In your dog, in you you, and the life you share together.

So let’s start from the very beginning…

The day it happened… I still remember it. We decided to explore a new beautiful walk, with the woods and the views. The utter perfection in every way. We had such a wonderful time.

We headed back. Excited, happy, tired… Boys were on their leads because we didn’t know the area well. We took the path stuck between a steep, almost vertical heel on one side and a fence – on the other.

The dogs appeared suddenly. Three labs and a boxer. Off lead. Sprinting towards us, no owners in sight. They quickly formed a circle around me and the pups and started bouncing, trying to push the boys to the ground. I tried to cover them with my body, but it wasn’t enough… My husband tried to pull the dogs away, but it was impossible, so he run off to find the owners.

There was growling, but luckily, no biting… And then I heard Fred scream… Like he never screamed before.

Next, the owners run into the scene, still staying away and calling the dogs, “come! come!” – not making any effort to get closer. The dogs ignored them, yet again, so eventually one of the women came over, held them by their collars and told us not to worry because “they wouldn’t bite”…

It was over in a matter of minutes, but that moment changed everything…

We got back to the car. Fred seemed back to his normal self, Coop was breathing heavily and I felt like I could do with a drink, or two, or a sedative… At that point I thought Fred would be find because the boy was so resident and acted relatively calm. I was afraid for Coop known to be extremely sensitive. And deep inside my brain was pulsating three words… “The fear period”… The time in life of every pup aged 8-10 months when any ordinary thing can suddenly look scary… Fred was 9…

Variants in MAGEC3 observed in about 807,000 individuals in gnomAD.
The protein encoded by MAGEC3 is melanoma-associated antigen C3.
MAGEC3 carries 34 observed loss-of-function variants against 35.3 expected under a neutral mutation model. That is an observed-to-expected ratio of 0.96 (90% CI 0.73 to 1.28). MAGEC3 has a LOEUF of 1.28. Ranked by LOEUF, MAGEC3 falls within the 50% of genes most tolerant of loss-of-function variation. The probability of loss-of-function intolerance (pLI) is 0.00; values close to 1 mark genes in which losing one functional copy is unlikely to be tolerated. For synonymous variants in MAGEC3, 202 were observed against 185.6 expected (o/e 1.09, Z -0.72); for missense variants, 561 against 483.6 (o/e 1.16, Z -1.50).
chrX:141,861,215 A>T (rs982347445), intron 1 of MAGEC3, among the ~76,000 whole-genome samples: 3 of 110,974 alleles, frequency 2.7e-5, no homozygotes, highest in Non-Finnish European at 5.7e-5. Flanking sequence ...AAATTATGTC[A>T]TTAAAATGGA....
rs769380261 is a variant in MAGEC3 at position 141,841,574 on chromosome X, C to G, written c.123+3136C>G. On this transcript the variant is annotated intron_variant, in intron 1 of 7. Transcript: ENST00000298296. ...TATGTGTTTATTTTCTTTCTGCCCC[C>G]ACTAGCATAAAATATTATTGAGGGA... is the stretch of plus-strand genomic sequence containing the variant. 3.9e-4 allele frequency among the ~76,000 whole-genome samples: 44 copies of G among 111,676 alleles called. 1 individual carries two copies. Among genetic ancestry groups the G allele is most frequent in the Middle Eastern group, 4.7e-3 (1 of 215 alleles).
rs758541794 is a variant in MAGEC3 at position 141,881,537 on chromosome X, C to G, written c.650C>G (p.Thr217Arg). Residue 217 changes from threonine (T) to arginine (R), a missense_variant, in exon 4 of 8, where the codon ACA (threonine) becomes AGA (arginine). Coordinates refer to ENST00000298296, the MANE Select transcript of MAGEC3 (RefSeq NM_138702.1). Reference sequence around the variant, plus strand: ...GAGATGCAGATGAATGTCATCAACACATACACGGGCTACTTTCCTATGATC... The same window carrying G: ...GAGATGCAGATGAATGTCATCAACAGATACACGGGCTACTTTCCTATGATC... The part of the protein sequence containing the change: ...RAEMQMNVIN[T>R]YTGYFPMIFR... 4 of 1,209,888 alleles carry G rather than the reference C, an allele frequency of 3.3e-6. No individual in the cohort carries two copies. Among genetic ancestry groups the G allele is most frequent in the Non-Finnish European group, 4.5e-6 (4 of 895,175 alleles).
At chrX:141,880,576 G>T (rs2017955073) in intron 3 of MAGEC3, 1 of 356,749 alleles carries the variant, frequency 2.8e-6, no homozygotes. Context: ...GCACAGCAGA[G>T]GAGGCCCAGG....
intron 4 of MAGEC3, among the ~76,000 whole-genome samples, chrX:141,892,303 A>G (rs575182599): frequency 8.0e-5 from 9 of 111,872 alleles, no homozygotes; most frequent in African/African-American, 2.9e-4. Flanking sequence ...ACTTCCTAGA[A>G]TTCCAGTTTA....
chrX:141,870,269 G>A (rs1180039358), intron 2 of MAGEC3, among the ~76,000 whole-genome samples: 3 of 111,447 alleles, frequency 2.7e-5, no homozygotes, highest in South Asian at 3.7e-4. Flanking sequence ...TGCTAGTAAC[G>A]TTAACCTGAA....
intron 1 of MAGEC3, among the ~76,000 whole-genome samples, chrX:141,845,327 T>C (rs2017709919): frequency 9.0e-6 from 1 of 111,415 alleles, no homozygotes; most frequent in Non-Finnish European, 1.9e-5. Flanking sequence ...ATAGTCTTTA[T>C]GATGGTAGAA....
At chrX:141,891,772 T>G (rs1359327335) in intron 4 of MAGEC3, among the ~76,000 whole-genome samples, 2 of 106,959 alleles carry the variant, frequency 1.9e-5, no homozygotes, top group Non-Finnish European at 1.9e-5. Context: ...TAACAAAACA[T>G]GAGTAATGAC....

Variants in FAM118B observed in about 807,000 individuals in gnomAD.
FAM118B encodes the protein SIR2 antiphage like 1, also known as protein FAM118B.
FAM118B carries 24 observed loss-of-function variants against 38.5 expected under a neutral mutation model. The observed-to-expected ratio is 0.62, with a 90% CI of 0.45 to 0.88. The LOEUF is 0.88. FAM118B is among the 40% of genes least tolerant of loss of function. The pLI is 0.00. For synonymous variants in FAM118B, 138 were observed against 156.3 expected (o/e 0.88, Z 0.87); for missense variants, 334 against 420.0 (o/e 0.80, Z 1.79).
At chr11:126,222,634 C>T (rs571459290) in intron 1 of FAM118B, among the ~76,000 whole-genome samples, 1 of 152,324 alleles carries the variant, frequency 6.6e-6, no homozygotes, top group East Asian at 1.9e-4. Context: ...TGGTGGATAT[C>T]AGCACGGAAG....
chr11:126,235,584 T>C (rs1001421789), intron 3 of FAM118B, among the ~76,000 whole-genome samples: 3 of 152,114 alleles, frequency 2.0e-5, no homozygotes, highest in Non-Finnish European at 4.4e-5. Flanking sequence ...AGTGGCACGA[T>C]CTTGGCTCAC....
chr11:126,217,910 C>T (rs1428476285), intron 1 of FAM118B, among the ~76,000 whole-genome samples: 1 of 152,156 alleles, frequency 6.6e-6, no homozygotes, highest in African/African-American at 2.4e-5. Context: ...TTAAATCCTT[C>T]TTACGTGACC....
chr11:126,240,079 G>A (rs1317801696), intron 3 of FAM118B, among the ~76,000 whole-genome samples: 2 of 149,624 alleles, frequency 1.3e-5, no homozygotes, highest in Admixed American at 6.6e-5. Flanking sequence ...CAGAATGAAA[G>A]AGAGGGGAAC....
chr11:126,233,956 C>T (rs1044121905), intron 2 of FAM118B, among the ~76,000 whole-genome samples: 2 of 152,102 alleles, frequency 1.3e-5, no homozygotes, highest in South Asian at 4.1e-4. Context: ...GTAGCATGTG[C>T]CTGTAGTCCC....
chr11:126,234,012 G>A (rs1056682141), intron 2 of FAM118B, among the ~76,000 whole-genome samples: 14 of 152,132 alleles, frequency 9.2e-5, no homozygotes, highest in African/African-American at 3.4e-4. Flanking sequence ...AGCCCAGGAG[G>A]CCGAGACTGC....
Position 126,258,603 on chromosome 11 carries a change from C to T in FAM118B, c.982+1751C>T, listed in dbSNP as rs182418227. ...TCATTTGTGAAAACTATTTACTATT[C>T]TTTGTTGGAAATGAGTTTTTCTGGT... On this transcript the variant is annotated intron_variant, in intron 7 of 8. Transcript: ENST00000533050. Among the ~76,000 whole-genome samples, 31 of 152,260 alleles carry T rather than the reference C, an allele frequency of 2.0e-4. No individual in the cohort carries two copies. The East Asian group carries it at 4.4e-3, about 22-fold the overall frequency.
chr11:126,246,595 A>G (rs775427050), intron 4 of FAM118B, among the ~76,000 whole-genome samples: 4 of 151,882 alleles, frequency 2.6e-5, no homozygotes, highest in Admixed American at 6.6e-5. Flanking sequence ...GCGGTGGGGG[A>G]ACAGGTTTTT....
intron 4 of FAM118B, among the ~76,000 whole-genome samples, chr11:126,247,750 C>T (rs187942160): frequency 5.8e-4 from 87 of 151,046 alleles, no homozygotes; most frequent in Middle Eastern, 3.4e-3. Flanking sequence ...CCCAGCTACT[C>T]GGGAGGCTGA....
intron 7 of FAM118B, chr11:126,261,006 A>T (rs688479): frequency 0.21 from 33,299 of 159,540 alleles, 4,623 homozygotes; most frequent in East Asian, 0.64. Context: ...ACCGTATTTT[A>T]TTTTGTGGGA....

As we drove home, I ordered some calming remedies for the boys, just in case we needed them. Upon return we crushed on a sofa, the boys relaxed and fell asleep.

The morning that came seemed no different from any other morning. And so was the next one. In the afternoon we went for a walk and saw our friends with their dogs. Just as usual, we rushed over to say Hello… As we got closer, Fred suddenly stopped and screamed, then barked… and barked again… He tried to hide behind me. The boy who loved his furry friends suddenly felt afraid of them…

It was frustrating, it was frightening, it was very, very upsetting… It was the moment I discovered reactivity. And from that moment on I had to find ways to deal with it.

To be continued…


Photo credit: this photo was taken by me during the walk that lead to the disaster…

Perfect cocker spaniel featured in Edition Dog magazine June 2020 issue / English cocker spaniel articles & features / Natalia, Cooper & Fred as experts for Cocker spaniel feature / Perfect cocker spaniel guide to the breed, dog blog, how to groom English cocker spaniel, cocker spaniel diet, health, training, puppy tips / written by dog expert, author & canine nutritionist / (C) Natalia Ashton

As featured in Edition Dog magazine

I feel very privileged to be featured in the latest editions of Edition Dog magazine. The April 2020 issue included a photo of Fred that I’ve taken last year. It came as a total surprise and made me feel so proud as a photograher – and also very happy to see my wonderful boy smiling at me from a glossy page. It’s always been one of my favourite photos of him, so this is extra special.

Last week I also got a June copy. They featured English cocker spaniel as the breed in focus and interviewed me as an expert for the wonderful article. It was such a pleasure to chat with Paige Nicole who wrote the piece and spent time with me talking about dogs, my boys, Oscar, Perfect cocker spaniel, puppies and life in general.

If you fancy a copy, the mag is sold in shops and can also be ordered online, which is particularly useful if you’d like to grab back issues or prefer to go digital.

Photo credits: covers and pages via Edition Dog magazine, April and June 2020 issues, photos of me, Oscar, Cooper and Fred are by me, from personal collection